June 4, 2013
Across America 2013: Safe Landing For Bertrand Piccard In Storm-Ravaged St. Louis
Lawrence LeBlond for redOrbit.com - Your Universe Online
After a non-stop flight in the zero-fuel airplane, Solar Impulse co-founder Bertrand Piccard touched down at Lambert-St. Louis International Airport at 1:28 a.m. CDT on June 4, 2013, a little more than 21 hours after taking off from Dallas-Fort Worth. This was Piccard´s longest flight to date in the solar-powered airplane.
The team´s arrival at St. Louis marks a key point in the Across America 2013 mission, as Piccard and his partner, Andre Borschberg, celebrate the history of aviation and pay homage to pioneer Charles Lindbergh. The arrival also marks another historic moment: the deployment of the inaugurable inflatable mobile hangar being used to house the Solar Impulse aircraft while the team visits the region.
With the safe and successful landing at St. Louis, Piccard and Borschberg are now one step closer to fulfilling their dream of flying coast-to-coast in a plane that runs solely on the power of the sun. St. Louis marks the completion of the third leg of the journey, with two more legs to go. Borschberg will retake the helm of the plane for the fourth leg to Washington DC later this month, while Piccard will fly for the final leg to New York, set for early July.
Borschberg recently entered the record books for a second time after setting a world distance record flight in a solar-powered aircraft when he flew from Phoenix to Dallas-Fort Worth. That flight, 832 nautical miles, beats Borschberg's old record of 602 nautical miles when he flew from Switzerland to Spain in 2012.
For Piccard, who accomplished his longest flight to date in the single-seat cockpit, the third leg was perhaps the toughest part of the Across America project to date. As this region of the Midwest has been ravaged by a series of deadly tornadoes, one of which took the lives of three dedicated storm chasers this past Friday, finding a decent window of opportunity to put the aircraft in the sky was a challenge.
During the flight, Piccard was in contact with ElÃ¢ Borschberg, head of social media and community engagement for Solar Impulse, who asked supporters of the project to email their thoughts and comments to be transmitted over the airwaves to the pilot as he made his way across the Midwest.
“I just spoke with Bertrand, who is now 10 hours into the Dallas to St. Louis flight, with 11 more hours to go,” ElÃ¢ said in an email Tuesday afternoon. “This is the longest flight for him to date and on our Across America mission — and it takes a lot of energy to fly for this long. During this challenging flight, Bertrand could really use some words of encouragement — and even better, a good joke if you have one!”
As Piccard pushed on through the night, the rest of the Solar Impulse team was readying the inflatable mobile hangar to house the Solar Impulse aircraft upon landing. The team was to use an existing hangar at the airport, but because of severe damage from last week´s rash of deadly storms, the team decided they would pull out the revolutionarily-designed hangar that is to be employed when the Solar Impulse team completes their World Tour in 2015.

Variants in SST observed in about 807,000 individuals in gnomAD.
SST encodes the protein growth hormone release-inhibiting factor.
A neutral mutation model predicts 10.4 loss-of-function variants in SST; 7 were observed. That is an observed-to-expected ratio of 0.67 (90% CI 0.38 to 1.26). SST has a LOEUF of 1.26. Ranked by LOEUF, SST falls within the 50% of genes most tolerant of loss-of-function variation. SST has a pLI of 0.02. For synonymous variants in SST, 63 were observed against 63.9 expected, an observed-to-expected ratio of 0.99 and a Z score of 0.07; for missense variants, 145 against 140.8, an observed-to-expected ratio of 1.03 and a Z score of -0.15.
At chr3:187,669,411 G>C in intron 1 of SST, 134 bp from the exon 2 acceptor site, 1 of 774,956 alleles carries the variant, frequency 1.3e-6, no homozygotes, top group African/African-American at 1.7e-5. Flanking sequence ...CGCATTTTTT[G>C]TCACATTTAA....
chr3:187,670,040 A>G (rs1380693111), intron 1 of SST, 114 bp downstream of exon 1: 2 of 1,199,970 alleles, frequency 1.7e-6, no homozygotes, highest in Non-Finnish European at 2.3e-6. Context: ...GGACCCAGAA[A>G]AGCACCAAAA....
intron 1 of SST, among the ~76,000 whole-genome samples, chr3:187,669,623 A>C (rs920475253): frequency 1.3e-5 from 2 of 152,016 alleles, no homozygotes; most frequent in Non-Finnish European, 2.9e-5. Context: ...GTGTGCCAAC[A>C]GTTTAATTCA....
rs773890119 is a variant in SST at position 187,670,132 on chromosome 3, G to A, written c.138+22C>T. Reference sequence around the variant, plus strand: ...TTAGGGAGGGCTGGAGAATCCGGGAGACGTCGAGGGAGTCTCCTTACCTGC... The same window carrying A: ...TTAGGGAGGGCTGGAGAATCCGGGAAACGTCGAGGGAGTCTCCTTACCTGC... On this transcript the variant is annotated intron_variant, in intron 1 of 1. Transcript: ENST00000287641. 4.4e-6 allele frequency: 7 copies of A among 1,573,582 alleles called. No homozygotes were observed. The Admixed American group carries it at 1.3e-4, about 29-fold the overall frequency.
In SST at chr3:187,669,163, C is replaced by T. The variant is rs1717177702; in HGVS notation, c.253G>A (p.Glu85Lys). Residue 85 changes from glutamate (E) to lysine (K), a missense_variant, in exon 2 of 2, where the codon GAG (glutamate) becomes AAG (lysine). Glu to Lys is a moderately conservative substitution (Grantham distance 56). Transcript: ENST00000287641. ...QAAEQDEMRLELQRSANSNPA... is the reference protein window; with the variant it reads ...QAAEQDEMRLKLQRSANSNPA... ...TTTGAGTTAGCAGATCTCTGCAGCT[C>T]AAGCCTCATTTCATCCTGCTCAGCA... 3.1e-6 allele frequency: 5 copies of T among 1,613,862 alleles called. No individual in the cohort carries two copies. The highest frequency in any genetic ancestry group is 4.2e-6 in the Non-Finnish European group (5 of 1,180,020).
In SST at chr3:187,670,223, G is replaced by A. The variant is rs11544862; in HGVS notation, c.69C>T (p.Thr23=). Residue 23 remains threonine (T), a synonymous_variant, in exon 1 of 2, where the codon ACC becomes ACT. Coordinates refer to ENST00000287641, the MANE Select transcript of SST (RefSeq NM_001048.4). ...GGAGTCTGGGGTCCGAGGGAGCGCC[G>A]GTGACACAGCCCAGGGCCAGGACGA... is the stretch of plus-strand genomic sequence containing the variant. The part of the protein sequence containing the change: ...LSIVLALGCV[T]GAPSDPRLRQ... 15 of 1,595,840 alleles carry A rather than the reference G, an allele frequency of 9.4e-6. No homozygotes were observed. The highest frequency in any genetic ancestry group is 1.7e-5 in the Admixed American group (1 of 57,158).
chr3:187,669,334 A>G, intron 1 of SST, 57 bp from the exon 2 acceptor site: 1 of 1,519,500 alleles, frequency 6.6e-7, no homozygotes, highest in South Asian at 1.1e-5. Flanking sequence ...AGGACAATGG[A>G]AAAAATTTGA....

"We brought the inflatable hangar to the USA for testing purposes and in fact it allowed the mission to stay on schedule. This exercise is now a proof of concept: rather than taking the airplane to a hangar, we have taken the hangar to the airplane," said AndrÃ© Borschberg.
The team may have been able to choose another suitable landing site or airport for their third leg destination, but Piccard and Borschberg had chosen St. Louis for one prominent reason: the role the city has played in the history of US aviation.
Charles Lindbergh was once the chief pilot for the Chicago to St. Louis US Mail Route and later named his custom aircraft “Spirit of St. Louis,” which he used in his bid to become the first man to fly across the Atlantic from New York to Paris in 1927. Also of note is the namesake of Lambert-St. Louis International Airport, named after Albert Bond Lambert, who supported Lindbergh on his transatlantic expedition.
"It was particularly important for me to come to St. Louis because I was so inspired when I met Charles Lindbergh at Cape Canaveral during a launch of the Apollo when I was eleven years old. I'm truly moved to be able to land here today with Solar Impulse," said Piccard shortly after landing in St. Louis.
The Across America 2013 project is not only about flying across the USA in a solar-powered plane, but also about impassioning people to make a change when it comes to green energy. Piccard and Borschberg are also heading the Clean Generation Initiative, which promotes the use of clean technologies. The initiative has already rallied the support of thousands of people who are in favor of sustainable energy solutions.
The names of those who have joined the cause have become part of the Across America mission, being carried on a USB key and flown aboard the Solar Impulse aircraft during each leg of the journey as virtual passengers. At each stop along the route to New York, the team has handed off a custom Clean Generation/Solar Impulse flag to key civic leaders. The first two flags were given to the Governor of Arizona and the Texas Secretary of State.
During the team´s visit to St. Louis, a special viewing will be held at a tent nearby the Solar Impulse aircraft on two separate days. The inflatable hangar is in its prototype stages and does not allow visitors inside yet. All signed-in guests are welcome to visit the tent. The first showing is scheduled for Thursday June 6 from 9:00 a.m. to 12:00 p.m. CDT, and the second is for Friday June 7 from 9:00 a.m. to 1:00 p.m. CDT.